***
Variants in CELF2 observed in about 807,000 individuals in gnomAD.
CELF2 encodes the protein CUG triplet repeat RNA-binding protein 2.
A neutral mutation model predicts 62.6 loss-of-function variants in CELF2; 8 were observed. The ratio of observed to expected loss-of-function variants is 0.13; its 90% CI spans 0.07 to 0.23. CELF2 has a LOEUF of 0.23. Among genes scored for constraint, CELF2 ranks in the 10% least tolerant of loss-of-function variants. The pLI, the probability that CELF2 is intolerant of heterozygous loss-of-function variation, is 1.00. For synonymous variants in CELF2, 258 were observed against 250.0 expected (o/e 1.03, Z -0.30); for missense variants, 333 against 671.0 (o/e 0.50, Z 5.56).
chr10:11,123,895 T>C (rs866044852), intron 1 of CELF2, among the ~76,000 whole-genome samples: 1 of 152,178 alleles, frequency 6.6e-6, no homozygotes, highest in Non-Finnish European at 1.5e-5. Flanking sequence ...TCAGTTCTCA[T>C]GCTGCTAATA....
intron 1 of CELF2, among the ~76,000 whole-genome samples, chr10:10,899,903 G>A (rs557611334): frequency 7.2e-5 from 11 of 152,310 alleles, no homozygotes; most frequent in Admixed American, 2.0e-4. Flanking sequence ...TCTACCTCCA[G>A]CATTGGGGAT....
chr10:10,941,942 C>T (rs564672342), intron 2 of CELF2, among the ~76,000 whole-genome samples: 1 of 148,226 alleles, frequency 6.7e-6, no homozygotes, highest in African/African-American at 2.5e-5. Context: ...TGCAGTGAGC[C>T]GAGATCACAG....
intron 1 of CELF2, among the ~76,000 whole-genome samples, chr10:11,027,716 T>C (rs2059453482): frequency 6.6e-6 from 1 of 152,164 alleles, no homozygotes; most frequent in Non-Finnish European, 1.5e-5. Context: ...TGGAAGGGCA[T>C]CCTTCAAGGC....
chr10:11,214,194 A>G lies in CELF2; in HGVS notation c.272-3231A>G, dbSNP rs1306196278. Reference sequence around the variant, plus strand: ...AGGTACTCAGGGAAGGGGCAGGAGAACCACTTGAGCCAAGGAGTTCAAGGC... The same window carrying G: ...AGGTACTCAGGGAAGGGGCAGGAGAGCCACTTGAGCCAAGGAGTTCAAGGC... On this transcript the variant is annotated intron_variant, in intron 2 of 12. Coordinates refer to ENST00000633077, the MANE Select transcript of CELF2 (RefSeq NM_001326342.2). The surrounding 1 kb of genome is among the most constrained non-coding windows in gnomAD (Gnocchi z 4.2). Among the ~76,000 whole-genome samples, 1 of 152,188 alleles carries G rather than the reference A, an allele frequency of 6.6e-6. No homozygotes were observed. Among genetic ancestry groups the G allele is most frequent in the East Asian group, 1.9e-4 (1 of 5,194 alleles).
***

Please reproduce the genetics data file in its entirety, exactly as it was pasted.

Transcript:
Variants in CELF2 observed in about 807,000 individuals in gnomAD.
CELF2 encodes the protein CUG triplet repeat RNA-binding protein 2.
A neutral mutation model predicts 62.6 loss-of-function variants in CELF2; 8 were observed. The ratio of observed to expected loss-of-function variants is 0.13; its 90% CI spans 0.07 to 0.23. CELF2 has a LOEUF of 0.23. Among genes scored for constraint, CELF2 ranks in the 10% least tolerant of loss-of-function variants. The pLI, the probability that CELF2 is intolerant of heterozygous loss-of-function variation, is 1.00. For synonymous variants in CELF2, 258 were observed against 250.0 expected (o/e 1.03, Z -0.30); for missense variants, 333 against 671.0 (o/e 0.50, Z 5.56).
chr10:11,123,895 T>C (rs866044852), intron 1 of CELF2, among the ~76,000 whole-genome samples: 1 of 152,178 alleles, frequency 6.6e-6, no homozygotes, highest in Non-Finnish European at 1.5e-5. Flanking sequence ...TCAGTTCTCA[T>C]GCTGCTAATA....
intron 1 of CELF2, among the ~76,000 whole-genome samples, chr10:10,899,903 G>A (rs557611334): frequency 7.2e-5 from 11 of 152,310 alleles, no homozygotes; most frequent in Admixed American, 2.0e-4. Flanking sequence ...TCTACCTCCA[G>A]CATTGGGGAT....
chr10:10,941,942 C>T (rs564672342), intron 2 of CELF2, among the ~76,000 whole-genome samples: 1 of 148,226 alleles, frequency 6.7e-6, no homozygotes, highest in African/African-American at 2.5e-5. Context: ...TGCAGTGAGC[C>T]GAGATCACAG....
intron 1 of CELF2, among the ~76,000 whole-genome samples, chr10:11,027,716 T>C (rs2059453482): frequency 6.6e-6 from 1 of 152,164 alleles, no homozygotes; most frequent in Non-Finnish European, 1.5e-5. Context: ...TGGAAGGGCA[T>C]CCTTCAAGGC....
chr10:11,214,194 A>G lies in CELF2; in HGVS notation c.272-3231A>G, dbSNP rs1306196278. Reference sequence around the variant, plus strand: ...AGGTACTCAGGGAAGGGGCAGGAGAACCACTTGAGCCAAGGAGTTCAAGGC... The same window carrying G: ...AGGTACTCAGGGAAGGGGCAGGAGAGCCACTTGAGCCAAGGAGTTCAAGGC... On this transcript the variant is annotated intron_variant, in intron 2 of 12. Coordinates refer to ENST00000633077, the MANE Select transcript of CELF2 (RefSeq NM_001326342.2). The surrounding 1 kb of genome is among the most constrained non-coding windows in gnomAD (Gnocchi z 4.2). Among the ~76,000 whole-genome samples, 1 of 152,188 alleles carries G rather than the reference A, an allele frequency of 6.6e-6. No homozygotes were observed. Among genetic ancestry groups the G allele is most frequent in the East Asian group, 1.9e-4 (1 of 5,194 alleles).